While it is easy to see job openings for English teachers in South Africa, many recruiters like to hire on the spot, in-country. Because English is one of the many languages that South Africans speak, competition for teaching jobs from elsewhere is more competitive.
If you’re applying from home, employers will want you to fill out an application form and/or send in your resume and a cover letter. If they like what they see, you’ll be invited to have a Skype interview. If you’re in country, a possible demonstration of teaching a lesson may be asked of you as well as an interview with the director.
In the majority of cases, a Bachelor level degree is a requirement to teach English in South Africa. In addition, a Teaching English as Foreign Language (TEFL) certificate will be an added advantage. Teachers who have gained their Certificate in English Language Teaching to Adults (CELTA) are able to teach in colleges and language centers in the US or abroad.
Administered by the University of Cambridge, the CELTA is an initial qualification for people with little or no prior teaching experience; and it’s also one of the oldest and most recognized English as a Second Language (ESL) courses in the world. Institutes, language centers, private schools, and most others will require CELTA and TEFL certifications, in addition to a degree.
Salary and Cost of Living
Travelers who teach English as a second or foreign language in South Africa are not making much money because the demand is not as high, like other countries, and are roughly making around R10,000 which translates to approximately $1160/month in U.S. dollars. Many people who end up getting jobs in South Africa to teach English are doing it on a voluntary basis more than anything else.
Many volunteer agencies that have teach abroad programs in South Africa have housing assistance programs to help you. In cases where your school does not provide housing, your employers are still going to be your best resource, especially because every year they hire teachers from abroad who need to find housing. Your employer can often recommend housing services or landlords.
In countries where it is necessary to interview in person, it is common for English teachers to first stay in a hostel, guesthouse, or hotel during the job search process. Once a job is found, they will look for a place to stay that is close to their school or other desired location and share an apartment with the other newly hired teachers. Your new employer and fellow English teachers will be able to provide you with advice and guidance regarding the question of how to find local housing.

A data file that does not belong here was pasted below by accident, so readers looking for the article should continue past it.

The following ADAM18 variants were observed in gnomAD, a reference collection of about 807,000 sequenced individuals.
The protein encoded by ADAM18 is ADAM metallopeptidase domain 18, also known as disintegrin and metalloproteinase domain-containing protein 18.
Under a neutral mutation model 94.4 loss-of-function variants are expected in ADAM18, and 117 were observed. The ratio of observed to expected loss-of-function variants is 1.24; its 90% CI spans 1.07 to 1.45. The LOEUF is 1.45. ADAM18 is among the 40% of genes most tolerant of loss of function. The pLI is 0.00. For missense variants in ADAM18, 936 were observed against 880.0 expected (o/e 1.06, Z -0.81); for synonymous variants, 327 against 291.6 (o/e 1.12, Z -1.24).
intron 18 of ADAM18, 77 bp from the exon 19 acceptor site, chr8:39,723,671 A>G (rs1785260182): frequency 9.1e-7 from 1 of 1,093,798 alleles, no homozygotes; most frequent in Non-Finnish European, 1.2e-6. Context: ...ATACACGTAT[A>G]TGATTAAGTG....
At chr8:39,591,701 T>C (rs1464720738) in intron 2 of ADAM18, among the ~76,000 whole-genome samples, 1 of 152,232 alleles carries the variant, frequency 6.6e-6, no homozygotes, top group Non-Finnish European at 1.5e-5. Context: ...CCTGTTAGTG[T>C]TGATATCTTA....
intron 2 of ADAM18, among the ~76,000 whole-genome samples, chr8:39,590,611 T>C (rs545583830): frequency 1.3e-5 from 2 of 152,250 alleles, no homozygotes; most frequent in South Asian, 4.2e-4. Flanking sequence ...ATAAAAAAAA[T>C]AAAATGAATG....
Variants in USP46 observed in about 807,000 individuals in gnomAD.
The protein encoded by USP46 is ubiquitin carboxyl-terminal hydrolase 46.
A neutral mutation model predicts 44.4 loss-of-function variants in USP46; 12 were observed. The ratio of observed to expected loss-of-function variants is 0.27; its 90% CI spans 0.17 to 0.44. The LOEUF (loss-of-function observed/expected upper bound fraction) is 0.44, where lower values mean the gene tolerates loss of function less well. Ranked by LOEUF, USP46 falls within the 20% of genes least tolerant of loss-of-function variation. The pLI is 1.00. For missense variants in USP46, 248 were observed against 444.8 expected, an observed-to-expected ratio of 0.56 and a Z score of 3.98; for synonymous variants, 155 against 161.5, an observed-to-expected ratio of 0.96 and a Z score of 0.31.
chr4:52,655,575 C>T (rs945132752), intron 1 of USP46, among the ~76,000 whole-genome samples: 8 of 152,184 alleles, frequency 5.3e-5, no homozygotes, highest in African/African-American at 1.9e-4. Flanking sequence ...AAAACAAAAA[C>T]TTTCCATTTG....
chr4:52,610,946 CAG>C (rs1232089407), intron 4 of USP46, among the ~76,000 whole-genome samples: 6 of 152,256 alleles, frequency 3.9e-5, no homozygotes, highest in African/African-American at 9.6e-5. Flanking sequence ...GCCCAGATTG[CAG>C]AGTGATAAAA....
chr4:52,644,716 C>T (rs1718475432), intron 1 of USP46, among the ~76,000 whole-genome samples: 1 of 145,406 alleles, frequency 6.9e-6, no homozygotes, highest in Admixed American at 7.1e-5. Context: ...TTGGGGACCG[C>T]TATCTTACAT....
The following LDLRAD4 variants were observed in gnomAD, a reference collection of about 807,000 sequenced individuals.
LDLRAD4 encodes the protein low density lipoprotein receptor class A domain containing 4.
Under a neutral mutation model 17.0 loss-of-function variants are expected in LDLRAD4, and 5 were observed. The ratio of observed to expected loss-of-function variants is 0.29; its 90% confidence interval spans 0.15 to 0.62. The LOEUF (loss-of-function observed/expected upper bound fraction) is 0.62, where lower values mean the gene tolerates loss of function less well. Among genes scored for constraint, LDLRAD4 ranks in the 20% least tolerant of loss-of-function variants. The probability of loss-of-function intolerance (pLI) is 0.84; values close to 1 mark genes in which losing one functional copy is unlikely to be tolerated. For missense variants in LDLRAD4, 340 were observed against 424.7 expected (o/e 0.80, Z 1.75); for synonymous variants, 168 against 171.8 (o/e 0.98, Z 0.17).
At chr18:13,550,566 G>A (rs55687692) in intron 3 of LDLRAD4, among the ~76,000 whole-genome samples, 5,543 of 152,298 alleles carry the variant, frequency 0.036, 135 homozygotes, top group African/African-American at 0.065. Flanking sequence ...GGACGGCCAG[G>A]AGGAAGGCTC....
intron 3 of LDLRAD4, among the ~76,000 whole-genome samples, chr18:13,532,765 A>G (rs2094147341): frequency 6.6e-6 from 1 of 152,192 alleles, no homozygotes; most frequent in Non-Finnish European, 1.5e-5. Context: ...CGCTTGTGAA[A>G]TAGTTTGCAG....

South Africa isn’t a cheap destination and the cost of living is very expensive, almost double what Americans pay for most things. Housing, food, insurance, utilities, clothing, and extras for one example, a single person is looking at close to R6000 to R8000 or $700/month to $930/month. Housing actually can be much more expensive too and can cost more than what most teachers will receive in pay in South Africa. Expect to break even because of the high cost of living. Dining out is not too expensive but can set a person back if they’re on a budget. Food can cost between R2500 to R4000 for a single person. Dining out surprisingly is cheaper than other countries.
Classroom and Work Culture
The education system in South Africa is strict and authoritative where the teachers command respect and students wear uniforms (usually). In a business setting, shaking hands is the usual greeting much like how we shake hands in the U.S. A person is expected to arrive on time, schedule things like meetings in advance, and use the titles of people’s names (Dr. Mr./Ms.) when addressing them. South Africans work typically five days a week around 40-45 hours/week, much like Americans.